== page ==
ICC World Twenty20 semi-final

Australia v India

Hugh Chevallier

At Durban, September 22, 2007 (floodlit). India won by 15 runs. Toss: India.

By common consent, this was the finest Twenty20 international yet played. Two teams at the top of their game fought at an intensity that never waned. Neither side put a foot wrong, apart perhaps from the Australians' muddle-headed decision to play Haddin rather than the specialist slow bowler, Brad Hogg. Dhoni chose to bat, as he had against England and South Africa, but scoring against this attack was trickier. The Australians bowled a miserly line just short of a length and, after eight overs, a fettered India were 41 for two. But the unfettered Yuvraj, recovered from the elbow injury that kept him out of the previous game, pulled Clark for six to get off the mark. And in Uthappa, who came down the pitch to lift Johnson for an audacious six, he found a partner after his own heart; together they added 84 from 40 balls. One sumptuous shot by Yuvraj off Lee, essentially a flick, sent the white ball - a meteorite in the heavens - 119 metres over square leg, the largest hit of the tournament. No one was immune: Clark, elsewhere the epitome of parsimony, and Bracken each cost 38, despite barely a duff ball. Lee relentlessly harried the batsmen, yet the middle order stole 140 from the last 11 overs. Australia seemed to organise their reply perfectly: Hayden provided solidity and Symonds the punch. While they were adding 66 in six overs, they were heading for the final. But Dhoni brought back Sreesanth for the 15th over, his last. From round the wicket he slung in a fiery yorker that uprooted Hayden's off stump. Even so, Australia needed a gettable 55 from 32 balls. Indeed they were up with (or ahead of) the Indian score at the end of every one of the first 18 overs. With 30 needed from three, Dhoni made a second inspired bowling change. Harbhajan Singh removed Clarke with another yorker and yielded just three runs. Australia were still fractionally ahead, but with Haddin connecting with little but thin air, R. P. Singh conceded five from the 19th over - and in the blink of an eye the task had become too tall.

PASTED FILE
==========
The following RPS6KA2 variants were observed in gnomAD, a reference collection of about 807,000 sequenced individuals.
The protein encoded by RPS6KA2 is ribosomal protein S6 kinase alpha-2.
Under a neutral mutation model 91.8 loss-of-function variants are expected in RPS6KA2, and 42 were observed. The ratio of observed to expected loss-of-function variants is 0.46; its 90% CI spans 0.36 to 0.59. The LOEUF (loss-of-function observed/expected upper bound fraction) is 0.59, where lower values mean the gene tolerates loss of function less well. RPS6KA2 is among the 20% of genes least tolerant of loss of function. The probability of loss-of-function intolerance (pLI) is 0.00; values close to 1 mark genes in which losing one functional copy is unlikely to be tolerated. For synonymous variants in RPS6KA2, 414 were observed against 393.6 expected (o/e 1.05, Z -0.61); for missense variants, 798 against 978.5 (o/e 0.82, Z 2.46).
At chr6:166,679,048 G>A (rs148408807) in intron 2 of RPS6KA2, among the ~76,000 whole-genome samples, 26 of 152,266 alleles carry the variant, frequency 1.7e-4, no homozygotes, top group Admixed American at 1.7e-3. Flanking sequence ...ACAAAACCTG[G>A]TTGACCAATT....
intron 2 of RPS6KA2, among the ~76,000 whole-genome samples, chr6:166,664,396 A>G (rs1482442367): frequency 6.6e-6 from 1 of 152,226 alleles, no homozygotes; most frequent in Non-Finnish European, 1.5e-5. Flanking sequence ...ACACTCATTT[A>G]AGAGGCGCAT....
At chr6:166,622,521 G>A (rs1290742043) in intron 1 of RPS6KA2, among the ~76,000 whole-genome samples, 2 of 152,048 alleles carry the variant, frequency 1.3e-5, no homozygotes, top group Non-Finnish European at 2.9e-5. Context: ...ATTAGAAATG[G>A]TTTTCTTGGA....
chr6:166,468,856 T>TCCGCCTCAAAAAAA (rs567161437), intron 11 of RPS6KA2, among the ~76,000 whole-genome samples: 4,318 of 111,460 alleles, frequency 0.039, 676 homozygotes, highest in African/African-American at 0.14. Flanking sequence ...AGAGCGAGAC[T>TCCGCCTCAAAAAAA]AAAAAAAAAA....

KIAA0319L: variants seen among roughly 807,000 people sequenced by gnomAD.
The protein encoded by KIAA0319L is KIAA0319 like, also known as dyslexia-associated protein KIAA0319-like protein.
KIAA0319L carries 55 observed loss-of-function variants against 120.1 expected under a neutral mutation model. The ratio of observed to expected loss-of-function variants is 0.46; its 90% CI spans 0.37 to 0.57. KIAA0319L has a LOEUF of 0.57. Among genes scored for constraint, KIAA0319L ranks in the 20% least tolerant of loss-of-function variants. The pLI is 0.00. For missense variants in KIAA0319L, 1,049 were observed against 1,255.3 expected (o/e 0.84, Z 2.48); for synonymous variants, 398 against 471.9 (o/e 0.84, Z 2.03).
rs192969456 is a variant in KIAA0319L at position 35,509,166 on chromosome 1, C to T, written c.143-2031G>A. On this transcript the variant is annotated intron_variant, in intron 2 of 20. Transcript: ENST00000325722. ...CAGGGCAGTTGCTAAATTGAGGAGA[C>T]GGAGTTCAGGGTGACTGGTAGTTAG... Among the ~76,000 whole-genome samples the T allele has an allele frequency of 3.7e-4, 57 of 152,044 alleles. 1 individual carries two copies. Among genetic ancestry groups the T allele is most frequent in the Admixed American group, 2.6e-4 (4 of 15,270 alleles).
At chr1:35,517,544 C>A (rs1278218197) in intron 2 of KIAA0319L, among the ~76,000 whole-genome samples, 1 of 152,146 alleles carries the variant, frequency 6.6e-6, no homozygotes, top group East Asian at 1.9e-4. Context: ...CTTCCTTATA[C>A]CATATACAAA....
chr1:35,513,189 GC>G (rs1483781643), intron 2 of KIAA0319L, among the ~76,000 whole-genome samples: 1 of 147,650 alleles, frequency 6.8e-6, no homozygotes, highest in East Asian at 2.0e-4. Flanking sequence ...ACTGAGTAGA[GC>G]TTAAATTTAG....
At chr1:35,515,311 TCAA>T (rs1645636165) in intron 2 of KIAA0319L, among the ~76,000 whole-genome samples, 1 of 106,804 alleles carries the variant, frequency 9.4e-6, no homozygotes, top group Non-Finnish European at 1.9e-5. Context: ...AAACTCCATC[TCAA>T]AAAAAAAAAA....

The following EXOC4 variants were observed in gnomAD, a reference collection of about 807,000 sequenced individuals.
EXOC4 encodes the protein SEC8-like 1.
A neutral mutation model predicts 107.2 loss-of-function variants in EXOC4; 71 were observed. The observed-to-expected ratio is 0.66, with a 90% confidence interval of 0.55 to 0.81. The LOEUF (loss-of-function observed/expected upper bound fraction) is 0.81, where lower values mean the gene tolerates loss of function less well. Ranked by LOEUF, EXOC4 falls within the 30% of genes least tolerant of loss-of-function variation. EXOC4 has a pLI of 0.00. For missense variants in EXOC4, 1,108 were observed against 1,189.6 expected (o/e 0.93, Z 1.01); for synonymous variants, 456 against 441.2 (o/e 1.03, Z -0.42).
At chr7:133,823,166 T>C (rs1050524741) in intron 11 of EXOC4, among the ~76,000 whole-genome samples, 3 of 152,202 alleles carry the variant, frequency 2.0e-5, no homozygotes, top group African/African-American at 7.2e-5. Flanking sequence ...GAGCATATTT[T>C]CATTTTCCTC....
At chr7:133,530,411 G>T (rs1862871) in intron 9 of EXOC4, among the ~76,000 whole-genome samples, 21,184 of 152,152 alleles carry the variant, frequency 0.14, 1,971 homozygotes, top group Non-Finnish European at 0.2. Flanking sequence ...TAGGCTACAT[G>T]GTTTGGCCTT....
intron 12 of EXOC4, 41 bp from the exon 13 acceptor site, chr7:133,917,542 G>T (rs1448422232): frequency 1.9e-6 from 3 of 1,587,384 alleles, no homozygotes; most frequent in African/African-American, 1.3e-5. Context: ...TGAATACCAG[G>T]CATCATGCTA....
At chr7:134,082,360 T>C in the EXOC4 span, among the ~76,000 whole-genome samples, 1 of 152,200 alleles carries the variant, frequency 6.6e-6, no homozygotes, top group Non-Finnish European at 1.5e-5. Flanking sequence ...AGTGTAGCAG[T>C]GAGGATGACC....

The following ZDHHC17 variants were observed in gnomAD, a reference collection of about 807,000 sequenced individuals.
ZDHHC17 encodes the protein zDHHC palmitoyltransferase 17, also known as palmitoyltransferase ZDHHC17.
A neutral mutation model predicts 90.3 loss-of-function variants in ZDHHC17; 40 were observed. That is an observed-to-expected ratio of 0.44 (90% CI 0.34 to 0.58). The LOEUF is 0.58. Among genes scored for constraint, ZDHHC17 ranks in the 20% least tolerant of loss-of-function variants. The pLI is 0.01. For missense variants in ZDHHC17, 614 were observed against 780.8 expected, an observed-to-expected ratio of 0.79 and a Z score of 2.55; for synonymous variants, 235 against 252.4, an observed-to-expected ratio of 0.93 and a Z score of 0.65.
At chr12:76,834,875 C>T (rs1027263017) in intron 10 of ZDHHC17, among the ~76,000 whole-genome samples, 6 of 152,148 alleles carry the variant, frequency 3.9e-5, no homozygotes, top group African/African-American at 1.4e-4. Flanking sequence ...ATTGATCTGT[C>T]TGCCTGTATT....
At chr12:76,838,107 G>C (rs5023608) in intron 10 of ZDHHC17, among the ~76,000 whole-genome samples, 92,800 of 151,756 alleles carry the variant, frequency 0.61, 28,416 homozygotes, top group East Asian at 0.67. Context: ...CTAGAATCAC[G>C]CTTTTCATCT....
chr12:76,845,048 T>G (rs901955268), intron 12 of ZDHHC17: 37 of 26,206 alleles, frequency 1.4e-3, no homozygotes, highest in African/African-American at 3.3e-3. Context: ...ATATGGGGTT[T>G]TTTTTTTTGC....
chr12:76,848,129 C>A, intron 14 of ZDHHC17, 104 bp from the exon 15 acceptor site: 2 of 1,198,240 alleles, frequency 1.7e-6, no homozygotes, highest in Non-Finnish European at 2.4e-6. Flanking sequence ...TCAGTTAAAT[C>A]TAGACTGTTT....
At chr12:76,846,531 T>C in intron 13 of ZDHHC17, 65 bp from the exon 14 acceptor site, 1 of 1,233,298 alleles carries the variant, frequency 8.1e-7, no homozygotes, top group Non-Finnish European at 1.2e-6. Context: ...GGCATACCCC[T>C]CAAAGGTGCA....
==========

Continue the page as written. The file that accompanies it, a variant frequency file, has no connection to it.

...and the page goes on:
Man of the Match: Yuvraj Singh. Attendance: 18,425.

© John Wisden & Co.